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Late News – Change of Plan

There is a break in the weather down south so instead of heading north to Broken Hill we are going to Ballarat and aiming for Phillip Island mid week.

18th October 2019–Mildura

Distance: 52 km

It was cool last night I woke up at one stage and thought my thermometer was reading 0’C (in fact it was 8’C). After my shower I got a load of washing done – That might last me until I get home.

There was no wind early on but that changed during the day. Drove to Mildura to do some shopping and visit the Tourist Information Office, the latter was in a terrific council facility which housed the library, cafe, tourist bureau and an aquatic centre.

Mildura Civic & Aquatic CentreMildura Civic & Aquatic Centre

Drove across the Murray river into NSW to visit a Holden Museum, it was probably smaller than the Motorlife Museum at Kembla Grange but the cars gleamed and they were Holdens. Not every model was represented, for example they didn’t have an HK or HJ Kingswood but they had an FB – those are the Holdens I have owned – but I did enjoy the museum and it was only $10 entry. Stayed for a coffee afterwards.

Mildura Holden Motor MuseumMildura Holden Motor MuseumMildura Holden Motor MuseumMildura Holden Motor MuseumMildura Holden Motor MuseumMildura Holden Motor Museum

Returned to the caravan park for a late lunch then went off to re explore the sights of Red Cliffs – found the lookout which looked out on virtually nothing unless you ignored the, ‘Unstable Cliffs” sign and climbed the fence. also found a dirt track which led to the cliff edge but the views from that were disappointing too.

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Near the  Red Cliffs shopping centre found and walked along the Peace Walk which was not particularly exciting but it did have some interesting information about the town. The area was originally settled after WWI when the land was cleared to provide soldier/settler blocks for returned servicemen and the town only really got going by 1925 when the post office was built.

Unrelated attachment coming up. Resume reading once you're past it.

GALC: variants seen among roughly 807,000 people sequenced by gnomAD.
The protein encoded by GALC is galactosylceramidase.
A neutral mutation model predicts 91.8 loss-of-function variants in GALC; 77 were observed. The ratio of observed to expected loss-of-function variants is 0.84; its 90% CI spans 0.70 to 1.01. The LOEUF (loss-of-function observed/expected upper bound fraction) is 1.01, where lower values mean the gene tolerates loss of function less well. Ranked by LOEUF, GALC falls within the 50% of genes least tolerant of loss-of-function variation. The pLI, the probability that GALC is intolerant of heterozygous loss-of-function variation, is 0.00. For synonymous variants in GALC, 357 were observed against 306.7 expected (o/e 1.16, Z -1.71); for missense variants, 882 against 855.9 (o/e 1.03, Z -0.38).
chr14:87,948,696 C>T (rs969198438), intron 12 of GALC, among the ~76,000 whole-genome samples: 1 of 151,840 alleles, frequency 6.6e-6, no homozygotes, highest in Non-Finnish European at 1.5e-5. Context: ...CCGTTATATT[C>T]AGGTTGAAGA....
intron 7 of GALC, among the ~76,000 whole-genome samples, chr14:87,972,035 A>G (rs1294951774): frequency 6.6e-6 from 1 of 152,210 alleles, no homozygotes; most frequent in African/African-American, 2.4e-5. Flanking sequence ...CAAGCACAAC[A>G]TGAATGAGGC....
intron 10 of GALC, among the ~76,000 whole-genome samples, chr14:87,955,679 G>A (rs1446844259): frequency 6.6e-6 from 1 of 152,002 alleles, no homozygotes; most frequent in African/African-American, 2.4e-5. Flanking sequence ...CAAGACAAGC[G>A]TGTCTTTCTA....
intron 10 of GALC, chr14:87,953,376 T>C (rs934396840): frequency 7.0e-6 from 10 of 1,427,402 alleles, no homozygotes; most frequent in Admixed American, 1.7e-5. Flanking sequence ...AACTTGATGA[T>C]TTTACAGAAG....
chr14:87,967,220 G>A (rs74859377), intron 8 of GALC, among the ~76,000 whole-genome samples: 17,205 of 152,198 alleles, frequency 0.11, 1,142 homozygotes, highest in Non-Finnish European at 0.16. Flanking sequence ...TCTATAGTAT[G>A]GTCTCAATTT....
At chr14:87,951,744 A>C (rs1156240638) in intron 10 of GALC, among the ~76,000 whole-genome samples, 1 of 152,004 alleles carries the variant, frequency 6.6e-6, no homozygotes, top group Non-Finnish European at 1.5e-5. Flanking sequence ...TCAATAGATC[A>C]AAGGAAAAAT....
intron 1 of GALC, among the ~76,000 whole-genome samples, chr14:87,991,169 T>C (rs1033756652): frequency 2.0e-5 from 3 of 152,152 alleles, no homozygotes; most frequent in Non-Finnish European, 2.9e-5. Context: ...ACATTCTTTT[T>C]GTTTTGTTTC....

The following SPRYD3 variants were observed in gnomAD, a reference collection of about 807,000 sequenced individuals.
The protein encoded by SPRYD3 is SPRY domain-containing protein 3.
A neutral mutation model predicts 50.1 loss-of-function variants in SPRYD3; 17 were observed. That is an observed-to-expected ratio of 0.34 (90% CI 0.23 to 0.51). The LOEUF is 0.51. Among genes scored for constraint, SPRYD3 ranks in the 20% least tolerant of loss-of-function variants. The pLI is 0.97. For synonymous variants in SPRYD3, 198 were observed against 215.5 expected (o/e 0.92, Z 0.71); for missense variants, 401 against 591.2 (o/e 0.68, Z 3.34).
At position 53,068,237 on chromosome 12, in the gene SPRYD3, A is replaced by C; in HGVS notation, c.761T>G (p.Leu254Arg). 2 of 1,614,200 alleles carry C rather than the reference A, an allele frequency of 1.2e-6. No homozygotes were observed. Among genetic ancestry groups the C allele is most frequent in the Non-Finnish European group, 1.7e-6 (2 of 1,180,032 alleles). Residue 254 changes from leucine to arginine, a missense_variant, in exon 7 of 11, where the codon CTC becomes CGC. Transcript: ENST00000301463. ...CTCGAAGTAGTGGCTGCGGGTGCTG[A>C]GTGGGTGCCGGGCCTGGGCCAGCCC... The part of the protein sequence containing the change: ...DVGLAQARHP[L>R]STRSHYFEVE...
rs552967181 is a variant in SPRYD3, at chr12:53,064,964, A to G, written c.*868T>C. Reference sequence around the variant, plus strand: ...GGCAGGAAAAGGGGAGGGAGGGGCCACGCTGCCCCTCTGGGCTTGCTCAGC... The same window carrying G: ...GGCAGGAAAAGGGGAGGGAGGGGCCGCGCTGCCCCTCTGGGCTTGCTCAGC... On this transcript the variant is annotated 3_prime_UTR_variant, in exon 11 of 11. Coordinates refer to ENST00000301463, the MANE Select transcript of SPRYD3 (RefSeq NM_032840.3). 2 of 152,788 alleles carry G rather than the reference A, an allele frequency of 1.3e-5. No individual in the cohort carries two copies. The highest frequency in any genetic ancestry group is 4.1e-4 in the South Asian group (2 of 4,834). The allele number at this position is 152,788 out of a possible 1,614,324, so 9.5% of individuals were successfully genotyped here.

Red Cliffs Peace WalkRed Cliffs Post Office

Returned again to the caravan park about 3.30pm to find the wind gusting and brown dust clouds on the horizon. The dust arrived shortly after 4pm – not a thick dust storm, just enough to cover everything with a thin layer of red soil.

Red Cliffs Dust Storm

17th October 2019–Red Cliffs

Distance: 246 Km

A cold, sunny, windy morning, all the rain has departed, we are on the move today but only a couple of hours north west to Red Cliffs (near Mildura). No rush having breakfast, showering and packing up. The gazebo was already packed so it was really only the chairs, table and TV aerial to be stowed. Ran out of things to do by 9.30am so set off, cutting across country on minor roads. Stopped twice – once to stretch our legs and once at the Quarantine Bin to dump an uneaten banana.

The Red Cliffs Caravan Park is on the highway so it wasn’t hard to find, checked in and set up on a quite nice site away from the road next to a vineyard.

Red Cliffs Caravan Park

According to the local tourist guide there is an interpretive walk near the pumping station on the river and a board walk to view the red cliffs on/of the river bank which gave to town its name. Found neither… Did find the pumping station which was behind high, locked fences and the car park where the board walk was supposed to commence. In the end I scrambled along a difficult track and did get a glimpse of the cliffs (I think) but it looked as if the whole area was neglected and only used by dirt bikes.

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After this fiasco drove back to Red Cliffs shopping centre to see the mural on the water tower and Big Lizzie. The latter is an amazing 100 year old engine used to clear the Mallee scrub for agriculture, it had a single cylinder, 60hp oil engine, was enormous and moved at 2mph!

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BTW there is a dog show on locally so there are lots of posh looking thoroughbred dogs around the park.

16th October 2019–Sea Lake

Distance: 200 km
Fuel: 22 L

Nearly the worst travelling weather I have experienced since I bought the camper (the worst was definitely on my way to Port Lincoln in 2017).

It was a bit overcast when I got up about 6.40am but it went downhill once travelling. After breakfast set off for Sea Lake with the intention of exploring the area but it started raining half way there and this continued on and off until after returning to the caravan park in the late afternoon.

It stopped raining in Sea Lake briefly which gave an opportunity to walk about for a little while.

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Once the rain started again it was decided to head north to Lake Tyrrell to see if it was pink (unlikely in this weather), in the event it was just wet.

Lake TyrrellLake Tyrrell

After this washout the day was really over so it was a trip back to Swan Hill to buy milk and have a late lunch, before returning to Lake Boga. Even lunch was a a bit of a failure – ended up with a Macca’s Fish burger, chips and a seniors’ coffee – Swan Hill is another of these towns that charges to park in the main street.